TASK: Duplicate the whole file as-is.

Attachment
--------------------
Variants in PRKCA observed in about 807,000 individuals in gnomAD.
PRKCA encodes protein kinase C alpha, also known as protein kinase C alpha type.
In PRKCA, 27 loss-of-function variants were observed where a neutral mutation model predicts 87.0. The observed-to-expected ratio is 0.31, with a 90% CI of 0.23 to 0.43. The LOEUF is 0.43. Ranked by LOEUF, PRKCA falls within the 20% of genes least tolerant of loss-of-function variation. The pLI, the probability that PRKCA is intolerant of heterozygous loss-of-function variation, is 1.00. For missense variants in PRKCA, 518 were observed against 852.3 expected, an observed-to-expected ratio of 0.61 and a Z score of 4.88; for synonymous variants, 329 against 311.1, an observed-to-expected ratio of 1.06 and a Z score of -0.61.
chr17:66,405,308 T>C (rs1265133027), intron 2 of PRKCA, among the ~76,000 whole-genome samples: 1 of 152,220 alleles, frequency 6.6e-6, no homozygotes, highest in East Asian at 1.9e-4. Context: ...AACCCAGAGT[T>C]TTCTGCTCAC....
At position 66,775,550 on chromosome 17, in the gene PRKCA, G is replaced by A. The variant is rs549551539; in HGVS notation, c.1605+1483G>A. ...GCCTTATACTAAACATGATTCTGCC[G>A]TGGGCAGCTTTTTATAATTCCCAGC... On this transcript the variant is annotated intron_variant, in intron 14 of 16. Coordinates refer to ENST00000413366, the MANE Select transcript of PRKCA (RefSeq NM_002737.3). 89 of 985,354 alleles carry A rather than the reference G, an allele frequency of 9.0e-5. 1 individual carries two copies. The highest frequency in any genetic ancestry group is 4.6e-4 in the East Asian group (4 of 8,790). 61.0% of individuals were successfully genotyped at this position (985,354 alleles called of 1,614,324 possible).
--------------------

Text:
Variants in PRKCA observed in about 807,000 individuals in gnomAD.
PRKCA encodes protein kinase C alpha, also known as protein kinase C alpha type.
In PRKCA, 27 loss-of-function variants were observed where a neutral mutation model predicts 87.0. The observed-to-expected ratio is 0.31, with a 90% CI of 0.23 to 0.43. The LOEUF is 0.43. Ranked by LOEUF, PRKCA falls within the 20% of genes least tolerant of loss-of-function variation. The pLI, the probability that PRKCA is intolerant of heterozygous loss-of-function variation, is 1.00. For missense variants in PRKCA, 518 were observed against 852.3 expected, an observed-to-expected ratio of 0.61 and a Z score of 4.88; for synonymous variants, 329 against 311.1, an observed-to-expected ratio of 1.06 and a Z score of -0.61.
chr17:66,405,308 T>C (rs1265133027), intron 2 of PRKCA, among the ~76,000 whole-genome samples: 1 of 152,220 alleles, frequency 6.6e-6, no homozygotes, highest in East Asian at 1.9e-4. Context: ...AACCCAGAGT[T>C]TTCTGCTCAC....
At position 66,775,550 on chromosome 17, in the gene PRKCA, G is replaced by A. The variant is rs549551539; in HGVS notation, c.1605+1483G>A. ...GCCTTATACTAAACATGATTCTGCC[G>A]TGGGCAGCTTTTTATAATTCCCAGC... On this transcript the variant is annotated intron_variant, in intron 14 of 16. Coordinates refer to ENST00000413366, the MANE Select transcript of PRKCA (RefSeq NM_002737.3). 89 of 985,354 alleles carry A rather than the reference G, an allele frequency of 9.0e-5. 1 individual carries two copies. The highest frequency in any genetic ancestry group is 4.6e-4 in the East Asian group (4 of 8,790). 61.0% of individuals were successfully genotyped at this position (985,354 alleles called of 1,614,324 possible).